Do you like being interrupted? Most marketing and advertising is based on interrupting you. It sounds harsh, but it’s what mass media relies on, and it works.
But sometimes there are so many messages bombarding us, we suffer from interruption overload and turn everything off. This is better known as sitting down with a good book.
Wouldn’t it be nice to have a company ask your permission to market to you? Smart marketers do it all the time, and are successful. This marketing tip you are reading is a form of permission marketing, you have given me permission (through subscribing) to send this to you every two weeks. Following a business on FaceBook or Twitter is also giving them permission to market to you. Once you opt in to an email or social media, you become a prospect, and a valued one at that. This is a great opportunity for the business to market directly to you.
So, if your business is thinking about jumping on the permission marketing bandwagon, there are four basic rules you need to follow:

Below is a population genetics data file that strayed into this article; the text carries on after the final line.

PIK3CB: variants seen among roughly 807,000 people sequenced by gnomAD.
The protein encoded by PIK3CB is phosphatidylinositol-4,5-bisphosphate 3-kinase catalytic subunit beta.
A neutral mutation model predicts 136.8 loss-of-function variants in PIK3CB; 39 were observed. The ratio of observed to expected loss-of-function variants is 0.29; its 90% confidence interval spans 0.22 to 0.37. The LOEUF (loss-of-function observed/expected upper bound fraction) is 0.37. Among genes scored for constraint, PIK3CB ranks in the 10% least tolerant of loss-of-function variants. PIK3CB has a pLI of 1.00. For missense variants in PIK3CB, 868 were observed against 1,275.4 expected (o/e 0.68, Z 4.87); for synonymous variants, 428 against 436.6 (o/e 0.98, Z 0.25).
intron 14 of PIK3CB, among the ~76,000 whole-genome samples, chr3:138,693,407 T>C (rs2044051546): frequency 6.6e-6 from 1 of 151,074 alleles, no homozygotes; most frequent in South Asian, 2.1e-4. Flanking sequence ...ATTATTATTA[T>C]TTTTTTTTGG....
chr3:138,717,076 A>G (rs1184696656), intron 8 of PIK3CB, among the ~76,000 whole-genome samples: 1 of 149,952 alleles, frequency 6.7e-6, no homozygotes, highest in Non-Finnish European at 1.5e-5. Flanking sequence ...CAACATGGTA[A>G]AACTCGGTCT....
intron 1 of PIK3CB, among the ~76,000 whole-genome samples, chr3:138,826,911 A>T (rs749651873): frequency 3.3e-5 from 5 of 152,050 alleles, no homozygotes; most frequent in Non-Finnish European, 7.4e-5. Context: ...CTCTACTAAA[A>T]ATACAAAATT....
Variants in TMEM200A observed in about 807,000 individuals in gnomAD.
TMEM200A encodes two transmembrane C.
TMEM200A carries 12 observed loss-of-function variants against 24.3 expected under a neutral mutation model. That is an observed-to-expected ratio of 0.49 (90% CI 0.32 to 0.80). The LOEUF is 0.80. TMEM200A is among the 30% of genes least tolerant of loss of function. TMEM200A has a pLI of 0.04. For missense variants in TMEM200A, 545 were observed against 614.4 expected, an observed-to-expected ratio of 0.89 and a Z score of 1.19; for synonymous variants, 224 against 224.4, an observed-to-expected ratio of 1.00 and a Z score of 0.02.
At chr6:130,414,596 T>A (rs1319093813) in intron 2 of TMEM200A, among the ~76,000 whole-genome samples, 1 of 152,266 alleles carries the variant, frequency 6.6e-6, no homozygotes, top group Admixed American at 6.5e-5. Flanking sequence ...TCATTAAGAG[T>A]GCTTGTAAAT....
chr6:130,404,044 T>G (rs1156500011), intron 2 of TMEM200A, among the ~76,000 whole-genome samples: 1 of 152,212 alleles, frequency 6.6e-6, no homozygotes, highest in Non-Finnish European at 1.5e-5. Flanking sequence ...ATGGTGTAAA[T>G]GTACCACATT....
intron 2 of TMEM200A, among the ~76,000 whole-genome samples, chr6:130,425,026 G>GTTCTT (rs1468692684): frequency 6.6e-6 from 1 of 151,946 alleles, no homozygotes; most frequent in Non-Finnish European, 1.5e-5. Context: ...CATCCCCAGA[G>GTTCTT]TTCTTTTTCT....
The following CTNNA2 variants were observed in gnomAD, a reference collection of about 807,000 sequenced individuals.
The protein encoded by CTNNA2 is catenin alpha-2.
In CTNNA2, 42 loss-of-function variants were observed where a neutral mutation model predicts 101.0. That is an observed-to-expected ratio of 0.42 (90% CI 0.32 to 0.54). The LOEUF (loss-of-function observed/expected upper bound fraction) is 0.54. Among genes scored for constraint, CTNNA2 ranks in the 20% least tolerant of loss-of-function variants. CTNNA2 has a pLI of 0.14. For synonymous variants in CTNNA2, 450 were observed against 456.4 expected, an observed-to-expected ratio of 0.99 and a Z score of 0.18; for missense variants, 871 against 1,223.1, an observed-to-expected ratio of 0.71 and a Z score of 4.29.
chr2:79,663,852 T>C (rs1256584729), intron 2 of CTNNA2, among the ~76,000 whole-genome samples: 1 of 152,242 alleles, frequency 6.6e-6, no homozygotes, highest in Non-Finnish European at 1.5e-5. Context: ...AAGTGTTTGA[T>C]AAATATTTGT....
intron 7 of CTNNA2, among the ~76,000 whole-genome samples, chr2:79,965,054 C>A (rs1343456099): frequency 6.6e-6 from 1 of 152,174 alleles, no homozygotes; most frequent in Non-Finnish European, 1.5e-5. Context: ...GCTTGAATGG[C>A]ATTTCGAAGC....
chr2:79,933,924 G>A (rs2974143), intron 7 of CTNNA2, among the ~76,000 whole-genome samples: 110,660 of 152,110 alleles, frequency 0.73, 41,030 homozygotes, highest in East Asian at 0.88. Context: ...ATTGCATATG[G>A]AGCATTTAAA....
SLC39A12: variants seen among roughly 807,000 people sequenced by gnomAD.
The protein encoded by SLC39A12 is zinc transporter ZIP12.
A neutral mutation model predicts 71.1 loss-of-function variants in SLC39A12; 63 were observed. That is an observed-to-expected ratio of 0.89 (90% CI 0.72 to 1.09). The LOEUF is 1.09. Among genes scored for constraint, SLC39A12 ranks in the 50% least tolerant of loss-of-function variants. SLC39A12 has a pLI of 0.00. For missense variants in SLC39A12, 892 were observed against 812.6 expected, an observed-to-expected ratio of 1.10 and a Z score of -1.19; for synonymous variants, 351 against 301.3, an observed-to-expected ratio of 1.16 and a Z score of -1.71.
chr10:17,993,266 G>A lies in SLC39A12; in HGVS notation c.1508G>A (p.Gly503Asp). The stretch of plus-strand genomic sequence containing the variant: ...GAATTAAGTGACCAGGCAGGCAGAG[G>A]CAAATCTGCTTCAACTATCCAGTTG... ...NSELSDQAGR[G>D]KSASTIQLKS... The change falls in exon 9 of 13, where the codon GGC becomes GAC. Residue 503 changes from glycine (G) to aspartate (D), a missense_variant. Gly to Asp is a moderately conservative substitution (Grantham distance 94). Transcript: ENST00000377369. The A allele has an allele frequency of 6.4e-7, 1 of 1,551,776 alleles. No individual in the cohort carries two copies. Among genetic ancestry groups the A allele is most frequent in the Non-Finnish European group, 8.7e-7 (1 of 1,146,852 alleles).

- Permission must be granted. If it isn’t, you can’t assume you have permission to market. Buying names and addresses, then sending direct mail, is not permission. It’s spamming. Smart business owners do not spam
- Permission is selfish. Your prospects will grant you permission only if they clearly see that there’s something in it for them. Remember, you’ve only got a short time to communicate what that something is.
- Permission can be revoked. As easily as permission is granted, it can be withdrawn. On the other hand, it can intensify over time. The intensity depends upon the quality of interaction between you and your customers.
- Permission can’t be transferred. Think of marketing as going out on a date. You just can’t give a friend the authority to go out on a date in your place.
Once you get a prospect to opt in to what you have to offer, do it right. Give information that has value to the reader and don’t overdo it with too many messages or useless information.